I started December this year with a lovely performance of “A Christmas Carol” by Charles Dickens at the Maxim Theatre here in Stockholm. The story was brilliantly told and sung by a group of English actors.
Ebenezer Scrooge, the main character, is a mean spirited, greedy old man who neither believes in Christmas nor in generosity. But on the night before Christmas, Scrooge’s old (and long time dead) business partner, Jacob Marley, comes as a ghost to visit Scrooge. Jacob rattles his chains and tells Scrooge that he himself got punished for his greedy life by getting no rest in death, but instead he now has to wander the Earth as a ghost. Jacob warns Scrooge that he will meet the same destiny if he does not change his ways. He sends Scrooge three spirits to teach him about life: the Ghost of Christmas Past, the Ghost of Christmas Present and the Ghost of Christmas Future.
I do love Christmas and I could not help thinking that I would love to meet my Ghost of Christmas Past and certainly my Ghost of Christmas Present. The latter I expect in just a few days (perhaps not the ghost itself but certainly the Christmas). But what about the Ghost of Christmas Future? Looking ahead, we have several challenges before us. Could I get a nightly ghost to show me some scenarios?
I will share with you some of my Christmas reading, as I don’t expect any ghosts to come along and join me on this quest. We will probably have to work on this one without any assisting spirits.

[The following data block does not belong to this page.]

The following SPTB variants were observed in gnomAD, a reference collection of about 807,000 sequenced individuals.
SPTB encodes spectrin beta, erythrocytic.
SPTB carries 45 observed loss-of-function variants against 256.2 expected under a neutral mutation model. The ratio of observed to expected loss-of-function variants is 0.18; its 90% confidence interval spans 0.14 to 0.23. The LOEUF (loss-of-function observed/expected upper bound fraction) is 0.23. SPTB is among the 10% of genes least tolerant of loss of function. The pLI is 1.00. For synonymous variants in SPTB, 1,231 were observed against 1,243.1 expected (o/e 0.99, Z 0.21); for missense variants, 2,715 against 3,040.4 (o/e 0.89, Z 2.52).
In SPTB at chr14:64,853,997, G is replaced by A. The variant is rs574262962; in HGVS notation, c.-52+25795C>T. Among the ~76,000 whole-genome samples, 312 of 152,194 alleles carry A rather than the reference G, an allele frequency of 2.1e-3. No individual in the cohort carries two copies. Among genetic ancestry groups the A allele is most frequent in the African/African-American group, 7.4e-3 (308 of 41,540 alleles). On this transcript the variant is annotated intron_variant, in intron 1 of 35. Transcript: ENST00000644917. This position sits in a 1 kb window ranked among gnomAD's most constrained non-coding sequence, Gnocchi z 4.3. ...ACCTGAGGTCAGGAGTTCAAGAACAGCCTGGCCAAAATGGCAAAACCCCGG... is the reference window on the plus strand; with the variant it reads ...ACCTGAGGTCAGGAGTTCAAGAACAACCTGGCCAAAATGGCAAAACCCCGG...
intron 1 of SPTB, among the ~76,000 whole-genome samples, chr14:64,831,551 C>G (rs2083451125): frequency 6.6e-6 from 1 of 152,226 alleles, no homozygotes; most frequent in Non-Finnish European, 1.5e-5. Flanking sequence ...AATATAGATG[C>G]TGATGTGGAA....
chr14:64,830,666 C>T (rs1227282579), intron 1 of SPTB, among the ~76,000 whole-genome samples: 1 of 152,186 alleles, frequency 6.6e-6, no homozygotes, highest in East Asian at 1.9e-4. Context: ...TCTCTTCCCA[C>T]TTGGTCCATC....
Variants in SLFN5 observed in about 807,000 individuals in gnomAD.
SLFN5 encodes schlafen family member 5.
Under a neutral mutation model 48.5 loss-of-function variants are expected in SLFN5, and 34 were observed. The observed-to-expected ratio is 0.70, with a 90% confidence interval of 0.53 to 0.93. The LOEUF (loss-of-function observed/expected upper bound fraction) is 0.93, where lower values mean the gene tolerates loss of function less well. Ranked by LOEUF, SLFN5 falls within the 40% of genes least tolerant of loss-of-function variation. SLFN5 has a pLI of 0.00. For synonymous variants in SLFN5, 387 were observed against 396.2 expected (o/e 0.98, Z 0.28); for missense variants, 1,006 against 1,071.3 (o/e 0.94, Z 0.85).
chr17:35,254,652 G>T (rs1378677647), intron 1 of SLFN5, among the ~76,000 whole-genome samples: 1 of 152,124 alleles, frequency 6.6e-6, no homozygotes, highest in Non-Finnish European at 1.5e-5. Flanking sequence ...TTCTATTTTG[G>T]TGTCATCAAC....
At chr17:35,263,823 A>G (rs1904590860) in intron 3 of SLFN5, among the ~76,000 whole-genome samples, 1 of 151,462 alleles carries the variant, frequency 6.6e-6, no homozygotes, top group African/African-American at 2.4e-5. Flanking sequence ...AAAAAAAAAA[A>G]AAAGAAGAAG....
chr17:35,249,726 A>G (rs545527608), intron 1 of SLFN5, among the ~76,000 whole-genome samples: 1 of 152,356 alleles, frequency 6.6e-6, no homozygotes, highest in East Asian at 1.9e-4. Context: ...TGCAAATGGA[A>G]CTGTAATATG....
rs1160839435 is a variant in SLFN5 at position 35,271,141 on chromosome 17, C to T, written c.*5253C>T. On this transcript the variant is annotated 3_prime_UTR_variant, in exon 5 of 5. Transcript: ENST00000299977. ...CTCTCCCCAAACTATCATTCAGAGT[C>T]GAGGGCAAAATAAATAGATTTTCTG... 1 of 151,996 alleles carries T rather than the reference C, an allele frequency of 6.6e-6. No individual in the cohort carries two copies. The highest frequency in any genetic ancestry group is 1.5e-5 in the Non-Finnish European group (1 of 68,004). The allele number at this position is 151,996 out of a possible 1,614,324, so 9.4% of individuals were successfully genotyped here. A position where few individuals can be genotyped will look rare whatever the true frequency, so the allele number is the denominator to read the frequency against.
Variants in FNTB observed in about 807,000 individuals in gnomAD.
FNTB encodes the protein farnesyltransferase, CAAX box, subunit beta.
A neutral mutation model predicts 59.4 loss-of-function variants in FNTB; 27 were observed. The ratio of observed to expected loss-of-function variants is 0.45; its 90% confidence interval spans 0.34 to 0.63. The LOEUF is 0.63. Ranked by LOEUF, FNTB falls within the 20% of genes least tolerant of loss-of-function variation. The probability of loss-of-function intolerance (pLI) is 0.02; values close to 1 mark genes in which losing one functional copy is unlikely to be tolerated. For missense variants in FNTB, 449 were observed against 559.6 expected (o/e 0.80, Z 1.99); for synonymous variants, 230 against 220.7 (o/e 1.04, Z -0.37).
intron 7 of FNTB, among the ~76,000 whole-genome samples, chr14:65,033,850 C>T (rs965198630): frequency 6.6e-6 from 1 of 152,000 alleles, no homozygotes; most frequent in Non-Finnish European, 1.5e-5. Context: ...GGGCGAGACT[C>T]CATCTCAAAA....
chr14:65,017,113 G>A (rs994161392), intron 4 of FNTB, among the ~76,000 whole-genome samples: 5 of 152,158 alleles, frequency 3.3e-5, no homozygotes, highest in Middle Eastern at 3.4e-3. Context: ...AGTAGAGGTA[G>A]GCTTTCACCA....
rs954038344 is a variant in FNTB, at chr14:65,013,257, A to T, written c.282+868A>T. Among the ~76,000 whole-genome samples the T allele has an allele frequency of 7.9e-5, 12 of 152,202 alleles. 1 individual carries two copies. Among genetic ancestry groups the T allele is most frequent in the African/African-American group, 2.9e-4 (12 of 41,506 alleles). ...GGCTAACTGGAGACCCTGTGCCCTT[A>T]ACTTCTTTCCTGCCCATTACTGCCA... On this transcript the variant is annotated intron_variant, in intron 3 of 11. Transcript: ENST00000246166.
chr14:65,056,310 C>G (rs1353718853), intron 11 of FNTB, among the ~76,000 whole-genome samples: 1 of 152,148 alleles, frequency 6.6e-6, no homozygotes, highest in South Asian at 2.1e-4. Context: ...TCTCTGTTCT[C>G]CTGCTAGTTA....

Firstly the Department for Business, Innovation and Skills (BIS) released a research paper in September called Industrial Strategy: UK Sector Analysis. The paper outlines the sectors that are expected to predominantly contribute to UK growth in the future. These sectors include advanced manufacturing, knowledge intensive services and enabling sectors like energy and construction.
A second important piece of our future puzzle is the new UK Energy Bill, which was just presented at the end of November by the Department of Energy and Climate Change (DECC). Global energy demand is set to continue to increase. Our challenge is not only to feed that demand, but to be more efficient in energy supply and to be forward-looking with our energy solutions. We need to create a sustainable energy economy.
A third set of really interesting reads are the Digital Agenda documents. The digital service sector constitutes an increasing share of GDP growth in the UK and Sweden, as well as in other European economies, a trend that looks likely to continue. The UK Digital Opportunity – A review of Intellectual Property and Growth, UK Communications Review, The Swedish Digital Agenda and The Digital Agenda for Europe are all interesting documents relating to the shape of our future.
I will not only read government documents over Christmas. I have wanted to finish Erik Niva’s collected columns on football for a long time now and I hope I will be able to get some time for this too. I find football very inspiring, so I am sure this will add something to the mix.
Having read (and for some of them re-read) all of the above, I think I will have something to talk to the Ghost of Christmas Future about – if it shows up.
And to cite Scrooge from Dickens:
“Yes! and the bedpost was his own. The bed was his own, the room was his own.
Best and happiest of all, the time before him was his own, to make amends in!
I will live in the Past, the Present and the Future! Scrooge repeated as he scrambled out of bed. The Spirits of all Three shall strive within me. Oh, Jacob Marley! Heaven and the Christmas Time be praised for this!”
Time is scarce – make the most of it – live in the present, past and the future – and bring happiness to our community – to your family and friends. We have great challenges ahead of us – lets be smart and constructive about them. But in the meantime – let’s make the most of this holiday season.
I would like to wish you all a very Merry Christmas!
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